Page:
Speech by Mr. Louis Ng Kok Kwang, MP for Nee Soon GRC at the Second Reading of the Active Mobility Bill [Bill No. 40/2016]
Madam, as there appears to be an increasing conflict between pedestrains and users or bicycles, Personal Mobility Devices (PMDs) and Power Assisted Bicyces (PADs), it is timely that we start to regulate the use of public paths.
While I stand in support of the Bill, I have several concerns to raise.
Criteria for classifying public paths
Can the Minister clarify the criteria used for classifying public paths. Will members of the public be able to appeal for the re-classification of public paths? Will the Ministry be monitoring the amount of conflicts on a public path and reviewing the classification of the public paths. If so, how often will such reviews be conducted?
Concern for pedestrian safety
I note that bicycles will be allowed on footpaths, shared paths and the road. I remain concerned about allowing bicycles on public paths as I have no doubt that accidents will occur and of course have already occurred numerous times.
At my last MPS, I met a resident who was knocked down from the back by a bicycle. The cyclist did stop and said sorry but immediately rode off, leaving her with a fractured wrist.
I’m especially concerned about children using the public paths. They would be more difficult to spot by the cyclists, an accident will probably result in more serious injuries and they would be more difficult to avoid as their movements are more erratic as they are often playing on the paths. Of course we can say that parents have to control their children but we know that in reality, this might not be possible all the time.
I do appreciate that we have set speed limits but how will a user of a conventional bicycle know what speed he or she is travelling at?
I also appreciate that we have a new team to enforce these new regulations but with a vast amount of public paths, we all know that enforcement will be limited as we simply cannot be everywhere at all times.
Can the Minister provide further details on how we will keep the public path safe for pedestrians beyond setting a maximum speed limit, unladen weight and width?
For example, will it be possible to make it mandatory for all riders to install and switch on their headlights at night on their of bicycles, PMDs or PADs especially since the probability of an accident increases when it is dark?
Making it mandatory to dismount
Can we also consider making it compulsory for riders of bicycles, PMDs and PADs to dismount and push their bicycles, PMDs and PADs at crowded areas, for example near bus stops. Even if the riders keep to the speed limits at these areas, it is unlikely to prevent accidents. It would be much safer for all users if they dismount and push.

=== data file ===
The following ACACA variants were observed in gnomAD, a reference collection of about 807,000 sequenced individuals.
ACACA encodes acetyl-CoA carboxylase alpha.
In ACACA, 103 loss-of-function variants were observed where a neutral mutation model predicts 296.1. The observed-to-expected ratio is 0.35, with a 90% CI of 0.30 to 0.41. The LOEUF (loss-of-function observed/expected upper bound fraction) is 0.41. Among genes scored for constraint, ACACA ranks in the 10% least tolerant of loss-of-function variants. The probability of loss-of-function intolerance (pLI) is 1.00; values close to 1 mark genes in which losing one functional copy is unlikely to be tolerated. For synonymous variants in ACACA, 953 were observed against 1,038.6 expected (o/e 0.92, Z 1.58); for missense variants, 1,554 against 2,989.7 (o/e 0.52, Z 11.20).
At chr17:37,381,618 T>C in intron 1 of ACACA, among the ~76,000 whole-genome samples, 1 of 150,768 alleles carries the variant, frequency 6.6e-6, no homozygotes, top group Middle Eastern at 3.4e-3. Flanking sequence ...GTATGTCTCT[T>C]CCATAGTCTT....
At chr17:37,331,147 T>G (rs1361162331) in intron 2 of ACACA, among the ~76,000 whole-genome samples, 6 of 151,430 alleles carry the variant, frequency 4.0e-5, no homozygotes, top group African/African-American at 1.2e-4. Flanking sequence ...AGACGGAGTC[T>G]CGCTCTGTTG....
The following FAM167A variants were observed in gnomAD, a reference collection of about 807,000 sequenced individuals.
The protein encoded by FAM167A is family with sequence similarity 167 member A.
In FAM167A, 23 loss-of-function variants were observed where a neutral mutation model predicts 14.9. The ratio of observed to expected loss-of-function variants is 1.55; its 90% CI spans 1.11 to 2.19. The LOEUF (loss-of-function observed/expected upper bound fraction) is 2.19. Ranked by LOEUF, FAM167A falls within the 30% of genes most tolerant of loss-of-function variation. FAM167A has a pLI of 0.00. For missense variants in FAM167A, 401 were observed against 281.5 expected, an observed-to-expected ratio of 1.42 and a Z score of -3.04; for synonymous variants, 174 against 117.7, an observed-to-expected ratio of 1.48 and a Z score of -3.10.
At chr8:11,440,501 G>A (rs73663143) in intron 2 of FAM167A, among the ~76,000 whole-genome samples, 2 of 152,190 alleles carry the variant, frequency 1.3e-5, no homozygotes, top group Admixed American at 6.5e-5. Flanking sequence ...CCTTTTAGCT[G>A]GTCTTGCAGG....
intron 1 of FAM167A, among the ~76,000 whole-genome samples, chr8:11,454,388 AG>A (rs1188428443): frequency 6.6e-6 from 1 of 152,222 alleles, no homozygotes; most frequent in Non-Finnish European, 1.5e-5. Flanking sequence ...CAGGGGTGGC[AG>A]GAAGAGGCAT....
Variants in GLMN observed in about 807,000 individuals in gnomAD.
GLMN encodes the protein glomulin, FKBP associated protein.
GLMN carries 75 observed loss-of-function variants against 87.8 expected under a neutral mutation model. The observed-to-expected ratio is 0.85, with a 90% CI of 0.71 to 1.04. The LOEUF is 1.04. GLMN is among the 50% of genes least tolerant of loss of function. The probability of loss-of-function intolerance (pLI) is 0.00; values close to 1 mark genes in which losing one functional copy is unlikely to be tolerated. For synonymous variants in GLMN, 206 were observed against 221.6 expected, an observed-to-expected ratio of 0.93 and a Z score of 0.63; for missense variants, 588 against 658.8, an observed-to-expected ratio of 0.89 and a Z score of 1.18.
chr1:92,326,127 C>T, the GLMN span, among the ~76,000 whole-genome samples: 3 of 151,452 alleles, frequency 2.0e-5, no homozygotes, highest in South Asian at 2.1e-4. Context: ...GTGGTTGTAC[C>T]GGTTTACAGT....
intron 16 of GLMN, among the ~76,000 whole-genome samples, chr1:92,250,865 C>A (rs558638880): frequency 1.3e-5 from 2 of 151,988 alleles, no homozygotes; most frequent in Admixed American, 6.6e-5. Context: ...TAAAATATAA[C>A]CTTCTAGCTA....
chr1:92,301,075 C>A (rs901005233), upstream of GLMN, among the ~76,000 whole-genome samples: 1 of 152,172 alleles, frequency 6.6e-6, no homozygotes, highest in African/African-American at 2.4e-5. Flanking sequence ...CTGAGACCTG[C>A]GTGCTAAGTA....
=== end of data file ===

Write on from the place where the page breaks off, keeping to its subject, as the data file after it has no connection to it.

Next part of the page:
Can the Minister also clarify if the rules will or can apply to walkways in front of shops and along HDB void decks, lift lobbies and staircases. A resident wrote to me recently and allow me to read out her concerns:
I would like to highlight that there have been increasing number of people using Bicycles, E-Scooters and Hovers Board at the walkway along the shops opposite my place. Is there any way to put up signs to advise these riders to dismount from their mobile vehicles when they are at the walkway.
Despite the walkway getting very crowded, there are riders who disregard the safety of pedestrians walking along the shops. They continue to ride on their mobile vehicles to squeeze through the crowd instead of dismounting and pushing their vehicles. I am sure many pedestrians including me have to keep watching our backs as we walk.
Completely prohibiting the sale of non-compliant PMDs
Next, can the Minister clarify with regard to Clause 30, why we are not criminalising one-off sale of non-complaint PMDs and also sale by wholesale? It would seem like we are creating a loophole in this piece of legislation.
Praise for the Active Mobility Advisory Panel
Lastly, I note that the government had accepted in full the recommendations submitted by the Active Mobility Advisory Panel in March 2016.
I welcome the government’s move to include stakeholders in policy-making, in this case, 14 representatives from seniors and grassroots leaders to PMD users and cyclists.
This is reminiscent of the Animal Welfare Legislation Review Committee, which I was a part of.
I look forward to more of such review and advisory committees being set up to ensure that the policies we enact are by the people and for the people.
Madam, the above comments notwithstanding, I stand in support of the Bill.